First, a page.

You may have seen the cover of March issue of Metro magazine. Madeleine Sami, hanging off the Sky Tower, looking all glam while holding a miniature Peter Jackson/King Kong. "Auckland rules OK! How Wellington’s losing the cultural wars" the headline reckons.
Oh noez! Is it true? Are Bats theatre and Te Papa and the City Gallery and the Cuba Carnival mere piffle in the face of the mighty Auckland?
Can’t we all just get along? Find out after the jump.
Inside, the story "The Culture Wars" attempts to stir up some controversy by declaring that Auckland – not Wellington! – is the "creative capital" of New Zealand. Whatever that means.
Now, the last time Metro opined on the capital, in the form of Damian Christie’s article listing all that was rubbish about the capital, chaos ensued
, so I thought it was important to check out this new article – at least to comply with the Wellingtonista’s health and safety policy.
However, upon reading the article, it becomes obvious that it’s not really about Wellington. It’s more about how Auckland has all these great and varied cultural institutions and events, but sometimes has trouble attracting audiences and doesn’t have the same reputation that Wellington does.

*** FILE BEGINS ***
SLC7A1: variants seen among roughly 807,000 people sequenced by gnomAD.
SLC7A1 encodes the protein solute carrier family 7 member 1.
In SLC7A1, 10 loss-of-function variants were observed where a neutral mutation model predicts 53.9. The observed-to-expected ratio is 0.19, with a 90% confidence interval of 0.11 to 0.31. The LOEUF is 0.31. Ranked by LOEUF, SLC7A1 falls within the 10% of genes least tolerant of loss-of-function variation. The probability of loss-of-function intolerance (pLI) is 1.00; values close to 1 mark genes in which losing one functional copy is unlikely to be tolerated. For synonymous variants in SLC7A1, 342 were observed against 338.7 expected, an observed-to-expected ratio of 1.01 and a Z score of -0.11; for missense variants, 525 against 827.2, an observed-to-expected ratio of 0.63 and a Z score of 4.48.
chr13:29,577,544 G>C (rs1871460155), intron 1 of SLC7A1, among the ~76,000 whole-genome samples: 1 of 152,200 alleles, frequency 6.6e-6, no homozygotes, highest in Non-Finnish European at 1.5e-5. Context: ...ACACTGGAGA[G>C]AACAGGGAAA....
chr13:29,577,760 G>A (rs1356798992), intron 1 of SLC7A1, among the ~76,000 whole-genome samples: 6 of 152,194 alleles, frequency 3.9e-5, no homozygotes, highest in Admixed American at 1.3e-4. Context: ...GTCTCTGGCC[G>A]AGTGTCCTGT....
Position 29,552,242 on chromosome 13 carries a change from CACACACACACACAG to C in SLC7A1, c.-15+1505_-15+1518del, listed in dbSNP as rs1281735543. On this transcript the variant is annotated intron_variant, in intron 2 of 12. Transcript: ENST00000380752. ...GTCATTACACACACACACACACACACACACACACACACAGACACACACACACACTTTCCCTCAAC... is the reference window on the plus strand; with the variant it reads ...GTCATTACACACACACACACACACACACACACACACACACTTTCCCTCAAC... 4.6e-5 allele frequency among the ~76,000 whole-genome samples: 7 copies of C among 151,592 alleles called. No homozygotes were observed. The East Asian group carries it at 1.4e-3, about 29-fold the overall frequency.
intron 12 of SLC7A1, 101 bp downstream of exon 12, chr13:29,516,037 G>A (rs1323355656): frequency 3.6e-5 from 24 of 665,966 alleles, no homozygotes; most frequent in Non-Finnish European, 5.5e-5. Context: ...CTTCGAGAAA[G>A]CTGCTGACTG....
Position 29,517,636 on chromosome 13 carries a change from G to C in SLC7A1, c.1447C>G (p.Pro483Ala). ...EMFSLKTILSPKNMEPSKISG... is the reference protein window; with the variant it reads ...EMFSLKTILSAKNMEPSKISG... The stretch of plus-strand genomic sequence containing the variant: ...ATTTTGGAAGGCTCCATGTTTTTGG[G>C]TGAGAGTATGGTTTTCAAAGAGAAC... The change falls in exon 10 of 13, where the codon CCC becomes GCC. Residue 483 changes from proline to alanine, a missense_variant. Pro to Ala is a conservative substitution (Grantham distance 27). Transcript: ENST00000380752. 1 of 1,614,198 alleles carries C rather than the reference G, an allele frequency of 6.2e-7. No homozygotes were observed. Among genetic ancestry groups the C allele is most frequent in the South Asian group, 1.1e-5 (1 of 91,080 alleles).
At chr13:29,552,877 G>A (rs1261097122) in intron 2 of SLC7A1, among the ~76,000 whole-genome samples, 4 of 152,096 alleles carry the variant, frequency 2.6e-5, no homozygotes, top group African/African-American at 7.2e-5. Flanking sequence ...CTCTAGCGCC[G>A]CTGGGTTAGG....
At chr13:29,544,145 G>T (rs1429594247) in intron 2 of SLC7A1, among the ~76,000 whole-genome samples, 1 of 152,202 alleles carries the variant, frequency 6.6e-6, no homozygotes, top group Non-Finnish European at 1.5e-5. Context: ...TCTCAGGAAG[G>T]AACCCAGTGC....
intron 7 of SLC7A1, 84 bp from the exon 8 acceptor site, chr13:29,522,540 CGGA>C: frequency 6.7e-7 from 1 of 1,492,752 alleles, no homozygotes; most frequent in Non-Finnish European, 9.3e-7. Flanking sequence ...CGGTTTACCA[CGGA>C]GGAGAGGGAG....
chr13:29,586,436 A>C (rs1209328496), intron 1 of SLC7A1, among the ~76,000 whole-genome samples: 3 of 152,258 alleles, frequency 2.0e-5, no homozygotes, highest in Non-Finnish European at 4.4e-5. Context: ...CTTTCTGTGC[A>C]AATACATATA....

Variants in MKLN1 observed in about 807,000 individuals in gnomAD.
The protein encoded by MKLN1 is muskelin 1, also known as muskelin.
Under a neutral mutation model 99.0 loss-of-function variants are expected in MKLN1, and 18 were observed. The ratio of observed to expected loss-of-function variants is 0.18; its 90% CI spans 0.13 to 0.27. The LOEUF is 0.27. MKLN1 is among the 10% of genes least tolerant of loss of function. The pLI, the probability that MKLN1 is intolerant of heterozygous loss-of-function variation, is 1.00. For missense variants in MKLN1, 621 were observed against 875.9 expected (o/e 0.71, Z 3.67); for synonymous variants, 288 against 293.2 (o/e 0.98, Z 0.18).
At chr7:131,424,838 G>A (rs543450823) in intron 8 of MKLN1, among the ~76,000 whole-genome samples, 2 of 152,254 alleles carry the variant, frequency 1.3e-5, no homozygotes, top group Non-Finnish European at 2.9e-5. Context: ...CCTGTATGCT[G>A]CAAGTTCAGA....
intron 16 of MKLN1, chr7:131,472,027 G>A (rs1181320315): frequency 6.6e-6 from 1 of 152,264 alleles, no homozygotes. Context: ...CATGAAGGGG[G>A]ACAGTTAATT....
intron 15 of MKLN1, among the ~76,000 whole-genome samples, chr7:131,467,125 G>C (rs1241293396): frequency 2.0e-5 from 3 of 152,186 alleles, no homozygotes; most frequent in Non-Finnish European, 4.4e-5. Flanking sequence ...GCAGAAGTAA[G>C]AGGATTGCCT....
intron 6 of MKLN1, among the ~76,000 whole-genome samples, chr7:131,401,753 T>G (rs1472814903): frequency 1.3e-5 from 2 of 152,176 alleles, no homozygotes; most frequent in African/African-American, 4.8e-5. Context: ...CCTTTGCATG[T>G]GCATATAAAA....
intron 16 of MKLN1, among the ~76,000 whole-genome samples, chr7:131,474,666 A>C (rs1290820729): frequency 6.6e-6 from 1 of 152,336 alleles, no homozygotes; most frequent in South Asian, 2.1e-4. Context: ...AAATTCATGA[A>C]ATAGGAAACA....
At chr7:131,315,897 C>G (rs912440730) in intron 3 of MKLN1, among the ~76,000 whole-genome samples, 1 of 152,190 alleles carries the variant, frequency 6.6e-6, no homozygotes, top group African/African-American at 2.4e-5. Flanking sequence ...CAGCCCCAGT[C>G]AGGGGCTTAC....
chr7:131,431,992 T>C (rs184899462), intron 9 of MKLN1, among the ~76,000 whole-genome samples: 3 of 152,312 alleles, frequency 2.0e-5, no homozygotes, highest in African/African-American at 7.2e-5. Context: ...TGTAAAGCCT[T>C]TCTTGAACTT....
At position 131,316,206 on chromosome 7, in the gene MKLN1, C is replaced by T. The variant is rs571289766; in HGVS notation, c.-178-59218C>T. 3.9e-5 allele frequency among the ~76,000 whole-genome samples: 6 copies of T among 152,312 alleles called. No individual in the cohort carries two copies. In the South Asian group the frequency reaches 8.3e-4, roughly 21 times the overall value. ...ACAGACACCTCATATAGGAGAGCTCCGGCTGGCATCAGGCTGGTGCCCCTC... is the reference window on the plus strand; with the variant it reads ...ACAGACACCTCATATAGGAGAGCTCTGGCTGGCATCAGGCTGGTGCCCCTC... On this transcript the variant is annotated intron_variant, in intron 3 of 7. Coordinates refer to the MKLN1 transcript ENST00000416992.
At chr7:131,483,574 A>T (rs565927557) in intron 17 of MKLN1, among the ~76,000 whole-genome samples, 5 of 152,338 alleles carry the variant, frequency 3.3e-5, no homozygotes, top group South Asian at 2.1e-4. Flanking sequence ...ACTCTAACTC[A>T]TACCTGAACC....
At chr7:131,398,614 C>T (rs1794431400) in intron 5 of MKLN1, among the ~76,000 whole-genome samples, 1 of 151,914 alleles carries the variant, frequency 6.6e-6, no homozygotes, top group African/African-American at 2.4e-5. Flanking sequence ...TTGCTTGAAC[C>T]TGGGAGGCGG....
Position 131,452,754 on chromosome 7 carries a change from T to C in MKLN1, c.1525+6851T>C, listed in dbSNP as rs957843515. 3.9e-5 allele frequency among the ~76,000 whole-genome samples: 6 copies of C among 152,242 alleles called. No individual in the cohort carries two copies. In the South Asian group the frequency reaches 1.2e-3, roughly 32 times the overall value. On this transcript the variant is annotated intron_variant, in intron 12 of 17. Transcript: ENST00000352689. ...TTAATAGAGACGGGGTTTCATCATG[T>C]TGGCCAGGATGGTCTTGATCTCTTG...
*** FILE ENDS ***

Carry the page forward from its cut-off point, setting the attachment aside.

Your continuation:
Complaining that Wellington’s "creative capital" label is nothing more than council-generated spin is all very well, but you can’t blame the 04 for the desolate feeling of Aotea Square.
The article does end on a fairly upbeat note for Auckland, and has some good suggestions about what can be done to champion the arts in Auckland. So it left me feeling really disappointed that it had been styled as an "Auckland versus Wellington" battle. Because – let’s be honest – when has anyone in Auckland ever given a damn about Wellington?
The article’s author, Simon Wilson, is noted as being a "former Wellingtonian", and I wonder if that’s the crunch. There’s nothing like moving to a land of opportunity to make your former home seem terribly inadequate.
Metro is always at its best when the stories focus on Auckland; whether celebrating Auckland, investigating a social issue or championing a cause. But when it starts to play the "We’re better than [other New Zealand city]" game, then it’s no better than, say, a Gore resident with a chip on her shoulder about the North Island.
Though, given the national distribution of Metro, perhaps it was a deliberate move to stir up Wellington readers into buying the mag.